Ethics

Principles

Podcast 258 – Neurological Research on Intrinsic and Extrinsic Motivation

Students not only monitor and regulate progress towards goals, but also their experience of interest during the engagement.

Dustin Tohman

What does brain science help us understand about how and why children learn? Rebecca joined me at the 2014 International Mind Brain Education Society (IMBES) conference and she attended a symposium discussion about the neurological research on intrinsic and extrinsic motivation. Although there are many interesting points she made during her reflections, one of the key ones is that, “Intrinsic motivation is easily crowded out by extrinsic forces.” The simple fact that there are high expectations is in itself motivating and when an extrinsic factor (e.g. ice cream party, grades, removal from recess) is introduced it can reduce a child’s natural intrinsic motivation. In fact, negative feedback on a task is a critical component for intrinsic motivation and development. Doing things that make kids “feel good” about themselves without being honest about progress towards the high expectations is not helpful. Our children deserve people who hold them to high, but reasonable expectations and who honestly help them find their own way through the learning process.

In the PERMIE KIDs podcast today, Rebecca gives a summary of the IMBES symposium titled “Critical roles of intrinsic interest in education: Theoretical and empirical advances.” The overview of the symposium was that intrinsic interest (or intrinsic motivation) is conceptualized as a cognitive or affective willingness to engage in a specific activity in the absence of any extrinsic incentives. The importance of nurturing interest in classrooms has been repeatedly emphasized in education, enhancing student interest has been one of the primary goals in many educational programs. Recently, academic research on intrinsic interest has gained considerable attention from various fields, including cognitive science, learning science, psychology, and neuroscience, providing a number of new insights into education.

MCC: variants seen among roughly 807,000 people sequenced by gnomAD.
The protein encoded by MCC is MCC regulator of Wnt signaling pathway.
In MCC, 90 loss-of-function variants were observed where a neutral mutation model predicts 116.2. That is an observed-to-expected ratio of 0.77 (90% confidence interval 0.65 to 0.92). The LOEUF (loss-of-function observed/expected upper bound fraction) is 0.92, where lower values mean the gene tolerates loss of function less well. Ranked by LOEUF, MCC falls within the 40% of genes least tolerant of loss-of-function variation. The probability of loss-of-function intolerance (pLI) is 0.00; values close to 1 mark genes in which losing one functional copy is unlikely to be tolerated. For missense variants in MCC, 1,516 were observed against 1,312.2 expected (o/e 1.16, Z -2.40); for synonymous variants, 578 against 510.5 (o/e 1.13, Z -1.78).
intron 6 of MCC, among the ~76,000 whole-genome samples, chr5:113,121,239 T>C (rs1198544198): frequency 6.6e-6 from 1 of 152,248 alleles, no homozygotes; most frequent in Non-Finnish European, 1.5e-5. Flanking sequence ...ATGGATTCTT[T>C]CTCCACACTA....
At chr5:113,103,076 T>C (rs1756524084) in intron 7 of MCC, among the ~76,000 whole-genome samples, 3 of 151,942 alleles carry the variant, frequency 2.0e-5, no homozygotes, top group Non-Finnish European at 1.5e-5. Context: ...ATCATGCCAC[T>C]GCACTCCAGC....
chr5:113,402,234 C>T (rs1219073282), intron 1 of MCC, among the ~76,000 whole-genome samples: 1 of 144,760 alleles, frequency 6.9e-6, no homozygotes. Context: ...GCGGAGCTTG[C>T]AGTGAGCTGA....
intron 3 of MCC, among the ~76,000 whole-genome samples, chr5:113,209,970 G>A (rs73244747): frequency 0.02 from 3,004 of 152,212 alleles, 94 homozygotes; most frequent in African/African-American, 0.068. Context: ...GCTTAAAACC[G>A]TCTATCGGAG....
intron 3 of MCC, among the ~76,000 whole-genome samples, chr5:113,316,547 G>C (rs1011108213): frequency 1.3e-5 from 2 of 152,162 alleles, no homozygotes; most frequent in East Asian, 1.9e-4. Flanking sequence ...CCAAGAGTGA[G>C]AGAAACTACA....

The speakers on the symposium panel included Suzanne Hidi, Woogul Le, Johnmarshal Reeve, and Dustin Thoman.

In this show I cover:

• Why is motivation important?
• How does psychology play into motivation
• Difference between interested exploration vs. uninterested
• Natural interest supports persistence, sustained engagement
• How self-regulation can look and why it isn’t necessarily off-task
• Place for extrinsic motivation
• Myths for motivation

Resources and References

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IMBES

Thanks OpenSource for the featured image.

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Edge Alliance Opportunities

Sunday, February 15, 2015 from 1:00-2:00 pm (EST): I’ll log in as my kids in the K-12 Online Educational Program and show you how it works. I’ll also give you a sneak peek behind the scenes to show you how I customized the learning differently for each of my children. Learn how to integrate hands-on, minds-on experiential education with online learning resources effectively. In this sneak peek you will see how this program can be set up for different learners and tailored to your child’s interests.
Sunday, March 29, 2015 from 7:00-8:00 pm (EST): Human history is rich with accounts of rituals and rites of passage. Times of transition – including birth, coming-of-age, marriage and death – provoke heightened individual and community emotions and instability. So, humans have traditionally created and used rituals to acknowledge and celebrate these times of change – to help us grow as individuals and to strengthen the bonds of community. In this context, coming-of-age rites of passage were our first youth and community development strategies. What is the potential role of rites of passage for children and youth? In particular, what might rites of passage entail for our young children and how can we individually and collectively start to design such rites of passage into our children’s learning and life?
Sunday, April 26, 2015 from 7:00-8:00 pm (EST): The experiential, child-led philosophy of education is growing among alternative and traditional educational circles. However, many are hesitant to pursue this because they lack confidence in their ability to assist children along such a path and fear children will not adequately develop cognitively or socially. They recognize the theoretical value of experiential learning or unschooling, but the scarcity of concrete tools and techniques leaves many without the confidence to do so. Our discussion will focuses on techniques to capture and use questions, identify and connect individual passions to propel learning, establish a shared positive framework of expectations, and build confidence to design an education with our children.
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